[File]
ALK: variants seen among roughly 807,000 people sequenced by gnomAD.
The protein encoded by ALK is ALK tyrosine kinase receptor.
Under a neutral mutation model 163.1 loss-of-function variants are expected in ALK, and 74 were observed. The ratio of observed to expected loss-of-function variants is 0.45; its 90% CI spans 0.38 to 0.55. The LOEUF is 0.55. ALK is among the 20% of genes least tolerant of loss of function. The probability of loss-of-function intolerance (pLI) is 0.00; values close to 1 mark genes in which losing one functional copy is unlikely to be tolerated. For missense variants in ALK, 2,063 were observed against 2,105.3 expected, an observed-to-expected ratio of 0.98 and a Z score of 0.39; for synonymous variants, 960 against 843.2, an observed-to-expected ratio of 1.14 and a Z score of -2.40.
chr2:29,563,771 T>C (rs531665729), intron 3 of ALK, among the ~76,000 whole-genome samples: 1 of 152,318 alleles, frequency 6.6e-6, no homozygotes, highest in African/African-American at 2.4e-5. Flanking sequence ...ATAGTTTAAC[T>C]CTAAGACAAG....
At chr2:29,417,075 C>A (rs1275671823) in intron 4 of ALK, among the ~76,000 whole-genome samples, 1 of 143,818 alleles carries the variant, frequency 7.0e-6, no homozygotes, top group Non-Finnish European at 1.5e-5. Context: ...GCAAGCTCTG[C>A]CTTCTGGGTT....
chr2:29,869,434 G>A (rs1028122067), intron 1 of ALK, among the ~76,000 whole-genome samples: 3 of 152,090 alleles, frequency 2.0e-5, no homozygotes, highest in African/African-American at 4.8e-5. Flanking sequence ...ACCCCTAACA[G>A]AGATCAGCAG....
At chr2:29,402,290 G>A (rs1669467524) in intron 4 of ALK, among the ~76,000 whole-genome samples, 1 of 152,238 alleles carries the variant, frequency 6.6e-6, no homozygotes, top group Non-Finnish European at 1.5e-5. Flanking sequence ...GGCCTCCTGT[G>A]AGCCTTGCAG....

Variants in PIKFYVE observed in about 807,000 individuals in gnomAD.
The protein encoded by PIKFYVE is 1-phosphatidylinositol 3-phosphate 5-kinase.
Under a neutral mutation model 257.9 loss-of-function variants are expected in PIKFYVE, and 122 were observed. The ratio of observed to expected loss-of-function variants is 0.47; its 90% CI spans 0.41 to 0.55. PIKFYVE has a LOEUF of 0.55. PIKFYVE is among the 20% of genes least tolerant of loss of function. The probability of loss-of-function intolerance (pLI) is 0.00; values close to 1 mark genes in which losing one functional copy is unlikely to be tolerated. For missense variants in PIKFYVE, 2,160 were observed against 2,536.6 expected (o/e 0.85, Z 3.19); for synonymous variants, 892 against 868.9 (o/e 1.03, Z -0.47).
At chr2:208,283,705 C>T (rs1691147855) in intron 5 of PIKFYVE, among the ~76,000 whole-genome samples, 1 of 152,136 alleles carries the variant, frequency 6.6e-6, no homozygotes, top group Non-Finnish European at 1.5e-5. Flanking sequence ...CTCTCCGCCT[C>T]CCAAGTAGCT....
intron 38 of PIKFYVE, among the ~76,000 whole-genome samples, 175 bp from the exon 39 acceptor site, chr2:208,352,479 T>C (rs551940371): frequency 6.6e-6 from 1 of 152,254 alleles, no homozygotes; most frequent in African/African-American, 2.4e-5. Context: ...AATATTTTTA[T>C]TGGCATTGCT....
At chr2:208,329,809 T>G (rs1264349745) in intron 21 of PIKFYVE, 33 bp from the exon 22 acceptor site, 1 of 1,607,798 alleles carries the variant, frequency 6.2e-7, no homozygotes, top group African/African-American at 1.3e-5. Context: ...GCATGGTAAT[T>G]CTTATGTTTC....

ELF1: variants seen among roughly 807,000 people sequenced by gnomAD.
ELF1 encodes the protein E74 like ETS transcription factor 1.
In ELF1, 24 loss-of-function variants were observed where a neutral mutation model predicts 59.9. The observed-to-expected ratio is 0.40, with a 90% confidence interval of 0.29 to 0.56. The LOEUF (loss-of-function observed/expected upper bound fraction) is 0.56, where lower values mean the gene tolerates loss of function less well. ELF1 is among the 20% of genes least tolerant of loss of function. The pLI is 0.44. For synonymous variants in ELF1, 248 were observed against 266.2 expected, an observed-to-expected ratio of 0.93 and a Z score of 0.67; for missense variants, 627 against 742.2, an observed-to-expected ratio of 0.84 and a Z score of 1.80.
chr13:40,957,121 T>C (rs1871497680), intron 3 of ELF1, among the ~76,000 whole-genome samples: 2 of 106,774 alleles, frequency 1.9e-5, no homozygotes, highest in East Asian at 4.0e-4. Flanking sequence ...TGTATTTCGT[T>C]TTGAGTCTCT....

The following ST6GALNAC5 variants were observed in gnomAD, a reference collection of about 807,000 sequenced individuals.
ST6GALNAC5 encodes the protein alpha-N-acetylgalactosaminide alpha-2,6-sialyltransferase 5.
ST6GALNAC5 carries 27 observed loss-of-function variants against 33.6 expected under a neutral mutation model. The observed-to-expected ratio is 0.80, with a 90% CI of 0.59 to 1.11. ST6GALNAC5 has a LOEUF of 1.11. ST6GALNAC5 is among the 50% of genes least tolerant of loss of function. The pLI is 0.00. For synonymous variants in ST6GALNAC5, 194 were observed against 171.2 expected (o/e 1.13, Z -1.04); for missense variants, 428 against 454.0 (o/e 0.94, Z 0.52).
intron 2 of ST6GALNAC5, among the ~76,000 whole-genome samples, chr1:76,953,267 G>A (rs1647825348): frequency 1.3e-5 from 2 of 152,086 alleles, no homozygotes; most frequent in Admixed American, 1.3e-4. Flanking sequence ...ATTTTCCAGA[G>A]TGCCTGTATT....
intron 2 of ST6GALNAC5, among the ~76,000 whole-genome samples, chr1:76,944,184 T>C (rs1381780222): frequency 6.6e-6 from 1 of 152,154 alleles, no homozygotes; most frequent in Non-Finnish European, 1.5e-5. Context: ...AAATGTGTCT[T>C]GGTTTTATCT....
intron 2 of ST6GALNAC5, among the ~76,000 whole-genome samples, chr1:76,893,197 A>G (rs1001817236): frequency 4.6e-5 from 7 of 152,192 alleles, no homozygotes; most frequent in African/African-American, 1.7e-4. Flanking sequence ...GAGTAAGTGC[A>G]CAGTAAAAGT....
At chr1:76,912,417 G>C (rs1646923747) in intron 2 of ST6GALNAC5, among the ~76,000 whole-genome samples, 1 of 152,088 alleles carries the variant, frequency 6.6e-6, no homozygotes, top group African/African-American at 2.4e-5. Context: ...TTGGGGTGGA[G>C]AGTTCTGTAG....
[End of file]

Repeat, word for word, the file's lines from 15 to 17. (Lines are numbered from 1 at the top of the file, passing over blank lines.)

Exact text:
ELF1 encodes the protein E74 like ETS transcription factor 1.
In ELF1, 24 loss-of-function variants were observed where a neutral mutation model predicts 59.9. The observed-to-expected ratio is 0.40, with a 90% confidence interval of 0.29 to 0.56. The LOEUF (loss-of-function observed/expected upper bound fraction) is 0.56, where lower values mean the gene tolerates loss of function less well. ELF1 is among the 20% of genes least tolerant of loss of function. The pLI is 0.44. For synonymous variants in ELF1, 248 were observed against 266.2 expected, an observed-to-expected ratio of 0.93 and a Z score of 0.67; for missense variants, 627 against 742.2, an observed-to-expected ratio of 0.84 and a Z score of 1.80.
chr13:40,957,121 T>C (rs1871497680), intron 3 of ELF1, among the ~76,000 whole-genome samples: 2 of 106,774 alleles, frequency 1.9e-5, no homozygotes, highest in East Asian at 4.0e-4. Flanking sequence ...TGTATTTCGT[T>C]TTGAGTCTCT....